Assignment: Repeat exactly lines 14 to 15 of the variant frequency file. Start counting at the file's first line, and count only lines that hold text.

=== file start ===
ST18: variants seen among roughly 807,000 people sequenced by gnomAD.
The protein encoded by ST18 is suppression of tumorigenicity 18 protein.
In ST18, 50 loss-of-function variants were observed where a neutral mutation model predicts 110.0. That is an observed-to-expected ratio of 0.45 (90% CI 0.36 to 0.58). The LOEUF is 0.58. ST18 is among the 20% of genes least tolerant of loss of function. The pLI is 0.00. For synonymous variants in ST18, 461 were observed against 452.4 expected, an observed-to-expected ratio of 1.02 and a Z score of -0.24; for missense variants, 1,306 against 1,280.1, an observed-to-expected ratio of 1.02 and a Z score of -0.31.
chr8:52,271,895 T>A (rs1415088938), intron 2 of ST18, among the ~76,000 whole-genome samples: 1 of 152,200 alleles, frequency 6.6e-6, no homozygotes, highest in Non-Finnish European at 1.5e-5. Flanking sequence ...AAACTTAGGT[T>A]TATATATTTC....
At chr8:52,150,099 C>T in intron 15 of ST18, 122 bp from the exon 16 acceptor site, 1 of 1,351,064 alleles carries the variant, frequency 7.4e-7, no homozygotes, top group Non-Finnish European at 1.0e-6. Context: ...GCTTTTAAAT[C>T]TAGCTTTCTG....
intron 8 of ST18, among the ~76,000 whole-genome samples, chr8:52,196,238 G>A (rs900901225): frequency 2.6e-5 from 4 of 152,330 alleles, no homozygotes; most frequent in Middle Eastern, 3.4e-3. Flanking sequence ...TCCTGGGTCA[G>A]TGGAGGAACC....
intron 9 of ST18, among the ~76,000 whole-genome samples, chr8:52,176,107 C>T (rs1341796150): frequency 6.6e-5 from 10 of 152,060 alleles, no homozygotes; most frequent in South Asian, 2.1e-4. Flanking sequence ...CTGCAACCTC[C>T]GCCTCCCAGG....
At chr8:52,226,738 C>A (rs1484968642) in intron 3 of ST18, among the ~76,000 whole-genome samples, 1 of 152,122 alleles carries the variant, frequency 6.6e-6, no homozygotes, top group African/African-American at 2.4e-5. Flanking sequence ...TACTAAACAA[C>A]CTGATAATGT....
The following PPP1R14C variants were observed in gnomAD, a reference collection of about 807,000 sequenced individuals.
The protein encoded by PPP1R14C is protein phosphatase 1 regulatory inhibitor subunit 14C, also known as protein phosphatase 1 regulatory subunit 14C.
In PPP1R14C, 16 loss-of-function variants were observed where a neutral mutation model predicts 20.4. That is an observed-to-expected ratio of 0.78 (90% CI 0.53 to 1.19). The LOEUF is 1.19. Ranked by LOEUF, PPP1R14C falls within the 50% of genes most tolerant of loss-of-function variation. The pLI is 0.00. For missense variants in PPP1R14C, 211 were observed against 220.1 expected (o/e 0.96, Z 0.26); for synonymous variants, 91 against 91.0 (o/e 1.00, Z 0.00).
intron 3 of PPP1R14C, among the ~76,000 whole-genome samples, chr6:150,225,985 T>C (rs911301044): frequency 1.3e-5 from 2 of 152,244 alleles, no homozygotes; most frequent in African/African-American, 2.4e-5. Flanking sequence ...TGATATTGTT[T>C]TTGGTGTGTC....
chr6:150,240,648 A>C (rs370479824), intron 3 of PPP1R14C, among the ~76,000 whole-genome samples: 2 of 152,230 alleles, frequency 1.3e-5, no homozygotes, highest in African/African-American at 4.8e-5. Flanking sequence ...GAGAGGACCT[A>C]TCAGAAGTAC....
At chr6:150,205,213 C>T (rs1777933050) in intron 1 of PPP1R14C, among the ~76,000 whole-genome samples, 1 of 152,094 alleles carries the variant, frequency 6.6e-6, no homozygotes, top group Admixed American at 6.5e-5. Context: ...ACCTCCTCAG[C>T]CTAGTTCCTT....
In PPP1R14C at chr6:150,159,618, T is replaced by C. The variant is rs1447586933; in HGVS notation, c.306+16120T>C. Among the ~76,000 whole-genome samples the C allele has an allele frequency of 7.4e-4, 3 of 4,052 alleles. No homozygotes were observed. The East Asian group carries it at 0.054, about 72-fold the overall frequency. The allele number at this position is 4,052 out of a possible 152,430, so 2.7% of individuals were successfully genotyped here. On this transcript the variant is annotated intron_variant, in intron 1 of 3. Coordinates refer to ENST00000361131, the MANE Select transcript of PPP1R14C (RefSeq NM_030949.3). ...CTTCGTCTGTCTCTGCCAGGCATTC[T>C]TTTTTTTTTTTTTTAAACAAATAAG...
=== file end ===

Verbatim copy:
At chr6:150,205,213 C>T (rs1777933050) in intron 1 of PPP1R14C, among the ~76,000 whole-genome samples, 1 of 152,094 alleles carries the variant, frequency 6.6e-6, no homozygotes, top group Admixed American at 6.5e-5. Context: ...ACCTCCTCAG[C>T]CTAGTTCCTT....
In PPP1R14C at chr6:150,159,618, T is replaced by C. The variant is rs1447586933; in HGVS notation, c.306+16120T>C. Among the ~76,000 whole-genome samples the C allele has an allele frequency of 7.4e-4, 3 of 4,052 alleles. No homozygotes were observed. The East Asian group carries it at 0.054, about 72-fold the overall frequency. The allele number at this position is 4,052 out of a possible 152,430, so 2.7% of individuals were successfully genotyped here. On this transcript the variant is annotated intron_variant, in intron 1 of 3. Coordinates refer to ENST00000361131, the MANE Select transcript of PPP1R14C (RefSeq NM_030949.3). ...CTTCGTCTGTCTCTGCCAGGCATTC[T>C]TTTTTTTTTTTTTTAAACAAATAAG...